New App Helps Consumers Avoid Koch Industries and Monsanto Products and Trace Corporate Ownership of Everything in Their Shopping Cart

Given the byzantine corporate ownership structures of practically every item Americans purchase, it takes near encyclopedic knowledge to know which companies you are supporting when you buy, say, toilet paper.


A new free app will help conscious consumers know whose pockets they are lining, and help them avoid supporting right-wing causes and truth-obscuring corporate conglomerates like Koch Industries and Monsanto. The free downloadable app scans everything in your shopping cart and traces the ownership all the way up to the parent company. Sometimes that trail will resemble a complicated family tree, since parent companies don't always want you to know who their offspring is. Just by way of example, Brawny paper towels, Angel Soft toilet paper and Dixie Cups are all products of Georgia-Pacific, a subsidiary of Koch Industries. The Brothers Koch also have gotten their corporate hands into the seemingly progressive yoga pants industry. But when you buy stretchy Lycra-containing pants for your downward dog, they are made by Invista, a textile company Koch bought.

The idea for an app for more consicous-shopping first germinated at a Netroots Nation gathering, when Darcy Burner, the former Microsoft programmer, suggested some app developer work on it. A group calling itself Buycott was already at work on the challenge, ultimately making the app even more spophisticated than Burner envisioned. It took 16 months for freelance programmer Ivan Pardo, 26, of Los Angeles to develop the app that allows you to scan the barcode of any item in your shopping cart and find out who your purchase is enriching.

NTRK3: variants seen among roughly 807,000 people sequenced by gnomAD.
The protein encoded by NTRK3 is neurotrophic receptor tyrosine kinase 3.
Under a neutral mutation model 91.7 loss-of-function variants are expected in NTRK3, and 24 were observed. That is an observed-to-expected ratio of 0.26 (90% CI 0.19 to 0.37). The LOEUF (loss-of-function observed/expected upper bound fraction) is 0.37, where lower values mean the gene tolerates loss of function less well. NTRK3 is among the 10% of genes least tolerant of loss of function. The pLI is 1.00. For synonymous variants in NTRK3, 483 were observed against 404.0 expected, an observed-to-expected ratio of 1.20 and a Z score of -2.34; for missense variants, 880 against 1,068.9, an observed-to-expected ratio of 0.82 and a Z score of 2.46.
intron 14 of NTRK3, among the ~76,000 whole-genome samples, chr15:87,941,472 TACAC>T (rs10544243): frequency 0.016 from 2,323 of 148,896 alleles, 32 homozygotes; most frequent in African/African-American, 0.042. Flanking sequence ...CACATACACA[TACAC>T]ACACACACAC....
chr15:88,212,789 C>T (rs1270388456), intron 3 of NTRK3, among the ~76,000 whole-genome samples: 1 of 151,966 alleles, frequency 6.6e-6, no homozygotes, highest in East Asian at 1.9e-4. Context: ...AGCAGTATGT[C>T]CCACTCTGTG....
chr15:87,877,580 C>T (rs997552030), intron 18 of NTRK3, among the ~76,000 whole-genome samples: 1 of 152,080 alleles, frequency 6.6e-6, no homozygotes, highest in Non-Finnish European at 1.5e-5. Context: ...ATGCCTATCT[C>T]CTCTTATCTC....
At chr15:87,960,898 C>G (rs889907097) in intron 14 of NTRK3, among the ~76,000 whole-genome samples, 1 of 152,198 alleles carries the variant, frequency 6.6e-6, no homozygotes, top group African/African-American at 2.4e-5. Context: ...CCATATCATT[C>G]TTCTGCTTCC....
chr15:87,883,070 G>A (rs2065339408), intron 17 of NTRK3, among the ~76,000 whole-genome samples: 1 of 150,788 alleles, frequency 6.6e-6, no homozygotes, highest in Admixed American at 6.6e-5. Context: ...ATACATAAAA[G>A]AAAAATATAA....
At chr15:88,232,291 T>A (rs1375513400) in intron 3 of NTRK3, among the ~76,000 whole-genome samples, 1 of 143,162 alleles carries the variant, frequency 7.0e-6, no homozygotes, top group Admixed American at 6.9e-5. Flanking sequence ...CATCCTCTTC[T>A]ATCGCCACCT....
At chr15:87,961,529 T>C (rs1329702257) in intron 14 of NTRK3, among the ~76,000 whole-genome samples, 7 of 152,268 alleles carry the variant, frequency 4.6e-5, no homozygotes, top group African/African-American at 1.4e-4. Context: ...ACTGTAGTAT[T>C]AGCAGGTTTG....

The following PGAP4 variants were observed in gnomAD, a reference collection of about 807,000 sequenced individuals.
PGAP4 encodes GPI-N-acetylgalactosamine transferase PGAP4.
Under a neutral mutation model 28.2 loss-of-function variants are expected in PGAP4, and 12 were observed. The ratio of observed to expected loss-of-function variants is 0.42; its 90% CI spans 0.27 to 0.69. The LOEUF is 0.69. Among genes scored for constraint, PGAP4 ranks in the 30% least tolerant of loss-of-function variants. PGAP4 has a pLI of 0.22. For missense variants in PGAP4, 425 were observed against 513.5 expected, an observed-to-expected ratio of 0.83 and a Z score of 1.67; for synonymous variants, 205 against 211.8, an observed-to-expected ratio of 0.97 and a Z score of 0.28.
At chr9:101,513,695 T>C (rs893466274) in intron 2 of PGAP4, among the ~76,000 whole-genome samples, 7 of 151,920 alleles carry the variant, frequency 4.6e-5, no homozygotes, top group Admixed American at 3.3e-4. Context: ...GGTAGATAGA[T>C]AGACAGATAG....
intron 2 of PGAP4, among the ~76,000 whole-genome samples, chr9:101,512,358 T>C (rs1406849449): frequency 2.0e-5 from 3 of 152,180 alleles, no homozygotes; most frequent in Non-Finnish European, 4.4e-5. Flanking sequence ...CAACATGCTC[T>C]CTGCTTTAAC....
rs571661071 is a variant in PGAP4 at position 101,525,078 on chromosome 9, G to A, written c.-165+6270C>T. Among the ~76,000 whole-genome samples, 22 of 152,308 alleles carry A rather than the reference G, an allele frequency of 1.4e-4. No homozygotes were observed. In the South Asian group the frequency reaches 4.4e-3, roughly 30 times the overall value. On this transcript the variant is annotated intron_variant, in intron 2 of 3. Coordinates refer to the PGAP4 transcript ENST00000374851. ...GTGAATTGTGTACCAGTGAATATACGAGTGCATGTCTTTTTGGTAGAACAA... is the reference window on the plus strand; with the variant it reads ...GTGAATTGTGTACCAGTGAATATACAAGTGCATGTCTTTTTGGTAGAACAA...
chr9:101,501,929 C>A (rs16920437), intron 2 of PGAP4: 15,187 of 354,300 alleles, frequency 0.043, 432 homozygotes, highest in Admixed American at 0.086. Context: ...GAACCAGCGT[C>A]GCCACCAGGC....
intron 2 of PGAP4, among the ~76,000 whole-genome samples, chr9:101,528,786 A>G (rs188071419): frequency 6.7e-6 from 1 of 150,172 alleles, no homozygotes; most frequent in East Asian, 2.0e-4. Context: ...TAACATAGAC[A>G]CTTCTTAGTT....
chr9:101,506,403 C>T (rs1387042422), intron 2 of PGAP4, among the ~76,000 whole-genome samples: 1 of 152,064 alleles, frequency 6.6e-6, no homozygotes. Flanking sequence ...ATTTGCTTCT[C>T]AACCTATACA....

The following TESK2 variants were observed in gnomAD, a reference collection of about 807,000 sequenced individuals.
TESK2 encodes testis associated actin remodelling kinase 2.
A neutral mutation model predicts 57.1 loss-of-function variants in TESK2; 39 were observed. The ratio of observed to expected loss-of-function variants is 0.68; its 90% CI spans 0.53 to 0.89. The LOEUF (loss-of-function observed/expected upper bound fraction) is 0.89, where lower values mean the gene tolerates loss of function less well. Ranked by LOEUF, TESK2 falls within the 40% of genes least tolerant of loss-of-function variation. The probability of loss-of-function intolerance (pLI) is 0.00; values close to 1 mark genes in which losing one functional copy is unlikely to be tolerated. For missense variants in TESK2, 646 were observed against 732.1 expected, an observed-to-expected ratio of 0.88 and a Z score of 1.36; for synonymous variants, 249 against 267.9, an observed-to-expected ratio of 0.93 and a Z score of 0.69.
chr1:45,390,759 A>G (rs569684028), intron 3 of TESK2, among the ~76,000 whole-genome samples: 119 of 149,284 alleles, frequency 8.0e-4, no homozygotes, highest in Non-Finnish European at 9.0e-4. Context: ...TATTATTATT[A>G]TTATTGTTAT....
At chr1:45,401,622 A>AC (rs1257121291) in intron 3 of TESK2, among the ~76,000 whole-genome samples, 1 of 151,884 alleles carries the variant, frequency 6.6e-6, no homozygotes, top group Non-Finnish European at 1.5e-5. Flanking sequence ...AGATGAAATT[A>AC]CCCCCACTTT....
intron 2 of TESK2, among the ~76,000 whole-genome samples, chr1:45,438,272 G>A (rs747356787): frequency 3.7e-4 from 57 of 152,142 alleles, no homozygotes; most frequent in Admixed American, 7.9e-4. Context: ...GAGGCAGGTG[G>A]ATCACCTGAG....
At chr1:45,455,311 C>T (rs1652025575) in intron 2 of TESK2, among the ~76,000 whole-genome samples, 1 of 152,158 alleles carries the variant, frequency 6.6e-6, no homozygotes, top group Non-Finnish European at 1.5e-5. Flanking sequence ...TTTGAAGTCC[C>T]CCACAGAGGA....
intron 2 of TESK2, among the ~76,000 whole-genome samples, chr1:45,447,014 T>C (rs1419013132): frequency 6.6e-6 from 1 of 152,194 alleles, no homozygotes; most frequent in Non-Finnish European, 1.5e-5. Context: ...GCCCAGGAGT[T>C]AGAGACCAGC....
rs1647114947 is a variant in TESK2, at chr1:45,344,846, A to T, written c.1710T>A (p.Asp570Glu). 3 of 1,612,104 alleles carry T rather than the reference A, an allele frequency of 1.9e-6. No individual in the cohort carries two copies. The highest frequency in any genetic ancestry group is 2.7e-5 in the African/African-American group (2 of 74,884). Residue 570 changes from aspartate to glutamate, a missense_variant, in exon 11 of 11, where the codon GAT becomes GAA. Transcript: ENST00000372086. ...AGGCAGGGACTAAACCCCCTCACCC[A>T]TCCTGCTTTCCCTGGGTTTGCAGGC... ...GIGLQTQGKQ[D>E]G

But it goes beyond that, as Forbes.com's Clare O'Connor reports. Users of the app can  "can join user-created campaigns to boycott business practices that violate your principles rather than single companies. One of these campaigns, Demand GMO Labeling, will scan your box of cereal and tell you if it was made by one of the 36 corporations that donated more than $150,000 to oppose the mandatory labeling of genetically modified food." Monsanto, of course, comes to mind, but it has plenty of company including: Coca-Cola, Nestle, Kraft and Unilever.

On a more positive note, Buycott has campaigns to support companies that support progressive causes, like Absolut and Starbucks, both of which have supported marriage equality.

The app is free and downloadable to the Android or iPhone.

Buycott campaigns encouraging shoppers to support brands that have, say, openly backed LGBT rights. You can scan a bottle of Absolut vodka or a bag of Starbucks coffee beans and learn that both companies have come out for equal marriage.

“I don’t want to push any single point of view with the app,” said Pardo. “For me, it was critical to allow users to create campaigns because I don’t think its Buycott’s role to tell people what to buy. We simply want to provide a platform that empowers consumers to make well-informed purchasing decisions.”

Forbes reached out to Koch Industries and Monsanto for comment and will update this story with any responses.

Update: Tuesday’s traffic surge is causing some problems for Buycott. Pardo says he’s working to fix issues with the Android app in particular. “The workload is a bit overwhelming now,” he said. “For example, our Android app was just recently released and the surge of new users today has highlighted a serious bug on certain devices that needs to be fixed immediately. So all other development tasks I was working on get put on hold until I can get this bug fixed.”

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